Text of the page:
Digging for Words

One writer's quest to bring the past to life through imagination

The Cocoon of Creative Freedom

2 Comments

Writers should take courage from Elizabeth Gilbert’s candid revelation that she scraped an entire 500-page manuscript following the success of her bestselling “Eat, Pray, Love”. It’s not uncommon – the stifling anxiety that comes with any measure of success, and the palette cleansing that’s required to discover something new. If that doesn’t speak to the difficulty of writing, perhaps nothing can.

Writing is an emotional journey as well as an intellectual process. A good story, characters, technique and indomitable dedication aren’t enough. Writing requires clarity of mind and spirit. When creativity is distracted by outside voices – from the media, from our own egos or insecurities, or from the characters we’ve left behind – it takes time, patience and self-awareness to find the stillness to write well again.

Take heart, everyone who dreams of publishing. And be careful what you ask for. Every dream come true carries a price. So enjoy the cocoon of creative freedom that comes with anonymity.

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Author: Judith

Judith Lindbergh's latest novel, Pasture of Heaven, is about a nomad woman warrior on the Central Asian steppes in the 5th century BCE. (And there really were!) Her first novel, The Thrall's Tale, is a literary historical novel about three women in the first Viking Age settlement in 10th century Greenland. The Thrall's Tale was a Booksense Pick and a Borders Original Voices selection. Judith is also the founder and director of The Writers Circle, a creative writing program offering workshops for children and adults.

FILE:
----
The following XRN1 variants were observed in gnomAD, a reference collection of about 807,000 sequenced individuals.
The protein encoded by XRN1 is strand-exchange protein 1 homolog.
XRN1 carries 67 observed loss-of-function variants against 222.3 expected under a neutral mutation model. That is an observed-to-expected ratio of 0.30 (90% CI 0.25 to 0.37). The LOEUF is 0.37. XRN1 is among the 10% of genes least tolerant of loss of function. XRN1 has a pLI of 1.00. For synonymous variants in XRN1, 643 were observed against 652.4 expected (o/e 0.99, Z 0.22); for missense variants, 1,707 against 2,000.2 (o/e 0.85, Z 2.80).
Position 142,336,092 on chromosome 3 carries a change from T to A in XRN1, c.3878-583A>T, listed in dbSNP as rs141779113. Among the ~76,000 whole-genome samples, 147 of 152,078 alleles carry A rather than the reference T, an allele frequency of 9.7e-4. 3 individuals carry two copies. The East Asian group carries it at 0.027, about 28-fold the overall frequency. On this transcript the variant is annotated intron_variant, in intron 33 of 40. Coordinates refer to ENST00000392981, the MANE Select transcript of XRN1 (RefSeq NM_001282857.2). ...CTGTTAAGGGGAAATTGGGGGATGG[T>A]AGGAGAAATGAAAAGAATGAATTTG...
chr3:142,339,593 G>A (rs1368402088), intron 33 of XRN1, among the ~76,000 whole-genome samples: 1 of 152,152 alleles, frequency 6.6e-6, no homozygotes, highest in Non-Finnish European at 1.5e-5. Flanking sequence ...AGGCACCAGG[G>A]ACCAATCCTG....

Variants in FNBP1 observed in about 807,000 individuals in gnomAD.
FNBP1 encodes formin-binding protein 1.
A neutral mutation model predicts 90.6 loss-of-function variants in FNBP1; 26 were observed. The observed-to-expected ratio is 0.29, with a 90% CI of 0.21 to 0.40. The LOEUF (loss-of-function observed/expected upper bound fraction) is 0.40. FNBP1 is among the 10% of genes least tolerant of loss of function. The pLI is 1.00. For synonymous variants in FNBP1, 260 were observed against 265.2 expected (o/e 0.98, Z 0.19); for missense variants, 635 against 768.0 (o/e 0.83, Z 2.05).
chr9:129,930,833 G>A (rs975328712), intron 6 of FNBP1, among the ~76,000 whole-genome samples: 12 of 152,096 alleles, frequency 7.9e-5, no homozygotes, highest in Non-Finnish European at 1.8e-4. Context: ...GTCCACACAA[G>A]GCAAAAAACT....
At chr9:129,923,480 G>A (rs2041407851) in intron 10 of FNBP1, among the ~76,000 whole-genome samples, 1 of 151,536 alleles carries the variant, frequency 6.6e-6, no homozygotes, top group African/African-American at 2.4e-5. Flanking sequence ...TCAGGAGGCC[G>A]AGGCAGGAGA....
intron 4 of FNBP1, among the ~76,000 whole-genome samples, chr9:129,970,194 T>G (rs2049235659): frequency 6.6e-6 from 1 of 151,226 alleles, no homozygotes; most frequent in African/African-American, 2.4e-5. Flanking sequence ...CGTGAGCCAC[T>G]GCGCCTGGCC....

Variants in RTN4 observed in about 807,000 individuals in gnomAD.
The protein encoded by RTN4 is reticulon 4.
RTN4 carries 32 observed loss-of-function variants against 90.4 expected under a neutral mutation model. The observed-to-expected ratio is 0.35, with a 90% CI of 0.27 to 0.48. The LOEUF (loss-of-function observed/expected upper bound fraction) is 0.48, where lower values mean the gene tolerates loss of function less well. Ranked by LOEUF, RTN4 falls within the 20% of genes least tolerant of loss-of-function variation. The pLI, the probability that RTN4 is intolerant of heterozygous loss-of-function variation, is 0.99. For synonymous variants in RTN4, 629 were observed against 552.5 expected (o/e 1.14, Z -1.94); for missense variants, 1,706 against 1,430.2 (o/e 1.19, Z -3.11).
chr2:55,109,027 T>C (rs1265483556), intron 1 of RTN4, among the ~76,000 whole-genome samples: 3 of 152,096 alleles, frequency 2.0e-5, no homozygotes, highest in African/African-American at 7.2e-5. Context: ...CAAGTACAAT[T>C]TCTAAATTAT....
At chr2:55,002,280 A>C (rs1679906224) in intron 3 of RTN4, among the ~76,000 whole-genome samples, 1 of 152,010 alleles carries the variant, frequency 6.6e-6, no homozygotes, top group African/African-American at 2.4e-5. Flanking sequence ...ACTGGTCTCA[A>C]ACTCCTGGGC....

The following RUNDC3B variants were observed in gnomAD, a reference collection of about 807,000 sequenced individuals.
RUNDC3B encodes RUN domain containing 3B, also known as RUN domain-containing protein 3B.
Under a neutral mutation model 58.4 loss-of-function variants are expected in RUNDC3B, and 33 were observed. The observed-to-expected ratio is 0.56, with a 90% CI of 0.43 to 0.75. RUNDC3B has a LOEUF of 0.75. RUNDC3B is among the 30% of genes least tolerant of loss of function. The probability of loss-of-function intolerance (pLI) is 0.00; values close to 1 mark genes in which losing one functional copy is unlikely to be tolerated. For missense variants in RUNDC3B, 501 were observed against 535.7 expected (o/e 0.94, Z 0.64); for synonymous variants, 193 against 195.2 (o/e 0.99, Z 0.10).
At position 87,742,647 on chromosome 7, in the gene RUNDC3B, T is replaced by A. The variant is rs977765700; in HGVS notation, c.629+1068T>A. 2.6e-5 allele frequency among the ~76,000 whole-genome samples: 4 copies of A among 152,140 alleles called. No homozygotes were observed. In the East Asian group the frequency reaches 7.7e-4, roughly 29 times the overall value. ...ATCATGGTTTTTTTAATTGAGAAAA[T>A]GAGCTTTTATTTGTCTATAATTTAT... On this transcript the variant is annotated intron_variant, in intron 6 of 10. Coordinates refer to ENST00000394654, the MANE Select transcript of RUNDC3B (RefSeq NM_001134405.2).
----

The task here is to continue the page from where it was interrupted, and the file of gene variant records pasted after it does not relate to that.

2 thoughts on “The Cocoon of Creative Freedom

  1. Ah yes, it does carry a price, this writing dream! Do you feel sometimes we met a crafty old fairy who whispered, “I will grant you three wishes….”

    Stephanie

    • Stephanie, so true!!! Indeed, the crafty fairy even laughed ironically as she flew away. But I will never regret the gift or the lessons I’ve learned. Still, it would be nice if it was easier.

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